An optional embodiment of the block-formed pallet legs is shown in FIG. 6. Each post, 4, is deep-drawn to a depth less than the final depth, for example to half the height of the final pallet leg. To the bottom of said half-sized posts, 4, separately produced blocks, 6, are then fastened in a particular operation. In principle, said blocks may be of any shape and produced from any material, provided that they can be permanently fastened to the bottoms of the half-sized posts. The blocks, 6, must have such a height that they, when combined with the deep-drawn posts, 4, produce pallet legs of correct heights. The advantage of this embodiment is that the necessary deep-draw ratios of the posts become smaller, and the pallet legs will become stronger.
An embodiment that constitutes an alternative to the embodiment in FIG. 6 comprises the fastening of a separately produced lower runner component, 9, which is shown in FIG. 7, to the posts, 4. This runner component consists of a cross member, 10, having two or more upward-facing posts, 11, which are fastened by their tops to the bottoms of the posts, 4, deep-drawn in the deck, 2.
FIG. 7 shows an embodiment of the pallet where a continuous U-shaped profile, 7, is thermo-formed in the bottom of the deck in the whole length thereof in its center longitudinally and parallel to the auxiliary sheet legs, 3. Two runners, 8 and 9, are fastened to the bottom of said U-shaped profile. Each runner is manufactured in a particular operation by forming a parison into a cross member, 10, with posts, 11. The upper runner component is fastened by its cross member, 10, to the bottom of the U-shaped profile, 7. The lower runner component, 9, is fastened by the tops of its posts, 11, to the bottom of the matching posts, 11, on the upper runner component, 8.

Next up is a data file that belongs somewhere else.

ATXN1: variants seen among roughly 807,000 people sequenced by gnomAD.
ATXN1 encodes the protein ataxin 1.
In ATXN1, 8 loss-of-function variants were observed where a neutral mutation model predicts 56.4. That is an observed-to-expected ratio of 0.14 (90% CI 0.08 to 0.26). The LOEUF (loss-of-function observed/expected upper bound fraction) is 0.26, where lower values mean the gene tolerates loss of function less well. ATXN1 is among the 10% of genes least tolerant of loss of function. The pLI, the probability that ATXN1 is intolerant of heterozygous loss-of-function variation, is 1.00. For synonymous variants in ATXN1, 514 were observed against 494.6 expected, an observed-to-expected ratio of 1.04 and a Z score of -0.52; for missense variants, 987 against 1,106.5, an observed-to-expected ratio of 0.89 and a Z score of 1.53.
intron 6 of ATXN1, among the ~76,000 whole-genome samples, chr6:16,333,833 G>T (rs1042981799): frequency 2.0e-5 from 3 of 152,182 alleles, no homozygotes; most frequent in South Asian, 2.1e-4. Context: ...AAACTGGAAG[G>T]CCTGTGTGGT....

FIG. 8 is a sectional view through the finished pallet, 1, at section B--B in FIG. 7. The section runs through the pallet deck, 2, the U-shaped profile, 7, and posts, 11, on the upper runner component, 8, and lower runner component, 9. The U-profile, 7, is formed into a channel, 12, and two closed hollow spaces, 14. The upper runner component, 8, is shaped so that a channel is formed on the top of the cross member and longitudinally, that has the same width as the channel, 12, in the bottom of the U-profile. Consequently, a closed channel, 12, extending longitudinally along the pallet is created when the pallet deck, 2, and the upper runner component, 3, are joined together. The channel's length, width and depth can be made to fit the requirements. The U-profile, 7, and the upper runner component, 8, are formed so that each channel, 12, is sealed at each end so that a closed hollow space is created. Optionally, the forming can be such that the channel is open at both ends. The lower runner component, 9, is in principle formed like the upper runner component, 8, but so that the cross member, 10, constitutes the surface facing the floor. Each post on the upper and lower runner components, 8 and 9, is formed as a symmetric profile so that two like-shaped hollow spaces, 15, and a channel, 13, are created, that will also create a closed hollow space. The shape of the pallet's posts can differ designwise from that sketched in FIG. 8 by variations in the dimensions of the channel, 12, and hollow spaces, 13 and 15. However, the bearing walls in the posts must be formed so that a sufficiently rigid structure is attained.
In its simplest embodiment the pallet has sheet-like legs both along its longitudinal and transverse sides, and no legs in the center on the bottom. The sheet-like legs are joined together in the corners of the pallet to obtain a rigid construction.